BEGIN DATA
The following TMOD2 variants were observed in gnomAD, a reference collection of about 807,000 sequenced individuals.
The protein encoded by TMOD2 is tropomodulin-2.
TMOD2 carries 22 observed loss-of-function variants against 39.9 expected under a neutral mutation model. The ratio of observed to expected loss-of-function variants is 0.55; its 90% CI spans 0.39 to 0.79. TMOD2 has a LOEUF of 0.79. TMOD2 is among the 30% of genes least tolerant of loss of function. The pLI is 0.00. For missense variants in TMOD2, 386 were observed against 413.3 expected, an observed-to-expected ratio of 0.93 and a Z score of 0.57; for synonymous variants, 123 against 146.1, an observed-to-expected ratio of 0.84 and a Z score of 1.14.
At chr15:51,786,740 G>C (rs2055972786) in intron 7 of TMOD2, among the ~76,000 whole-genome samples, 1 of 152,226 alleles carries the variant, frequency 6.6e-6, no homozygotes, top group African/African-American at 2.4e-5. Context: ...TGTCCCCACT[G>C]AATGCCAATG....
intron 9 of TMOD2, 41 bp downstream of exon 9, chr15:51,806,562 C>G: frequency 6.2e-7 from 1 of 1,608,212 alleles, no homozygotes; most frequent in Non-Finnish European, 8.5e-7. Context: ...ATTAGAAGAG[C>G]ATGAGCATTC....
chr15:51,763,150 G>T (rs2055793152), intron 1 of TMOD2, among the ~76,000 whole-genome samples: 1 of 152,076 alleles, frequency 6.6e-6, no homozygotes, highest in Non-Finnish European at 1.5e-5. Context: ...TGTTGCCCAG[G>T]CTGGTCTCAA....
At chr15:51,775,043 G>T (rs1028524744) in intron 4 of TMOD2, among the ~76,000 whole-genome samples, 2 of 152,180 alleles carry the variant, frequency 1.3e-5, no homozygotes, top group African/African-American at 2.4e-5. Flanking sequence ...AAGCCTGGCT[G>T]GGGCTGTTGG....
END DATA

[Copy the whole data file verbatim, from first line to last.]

The following TMOD2 variants were observed in gnomAD, a reference collection of about 807,000 sequenced individuals.
The protein encoded by TMOD2 is tropomodulin-2.
TMOD2 carries 22 observed loss-of-function variants against 39.9 expected under a neutral mutation model. The ratio of observed to expected loss-of-function variants is 0.55; its 90% CI spans 0.39 to 0.79. TMOD2 has a LOEUF of 0.79. TMOD2 is among the 30% of genes least tolerant of loss of function. The pLI is 0.00. For missense variants in TMOD2, 386 were observed against 413.3 expected, an observed-to-expected ratio of 0.93 and a Z score of 0.57; for synonymous variants, 123 against 146.1, an observed-to-expected ratio of 0.84 and a Z score of 1.14.
At chr15:51,786,740 G>C (rs2055972786) in intron 7 of TMOD2, among the ~76,000 whole-genome samples, 1 of 152,226 alleles carries the variant, frequency 6.6e-6, no homozygotes, top group African/African-American at 2.4e-5. Context: ...TGTCCCCACT[G>C]AATGCCAATG....
intron 9 of TMOD2, 41 bp downstream of exon 9, chr15:51,806,562 C>G: frequency 6.2e-7 from 1 of 1,608,212 alleles, no homozygotes; most frequent in Non-Finnish European, 8.5e-7. Context: ...ATTAGAAGAG[C>G]ATGAGCATTC....
chr15:51,763,150 G>T (rs2055793152), intron 1 of TMOD2, among the ~76,000 whole-genome samples: 1 of 152,076 alleles, frequency 6.6e-6, no homozygotes, highest in Non-Finnish European at 1.5e-5. Context: ...TGTTGCCCAG[G>T]CTGGTCTCAA....
At chr15:51,775,043 G>T (rs1028524744) in intron 4 of TMOD2, among the ~76,000 whole-genome samples, 2 of 152,180 alleles carry the variant, frequency 1.3e-5, no homozygotes, top group African/African-American at 2.4e-5. Flanking sequence ...AAGCCTGGCT[G>T]GGGCTGTTGG....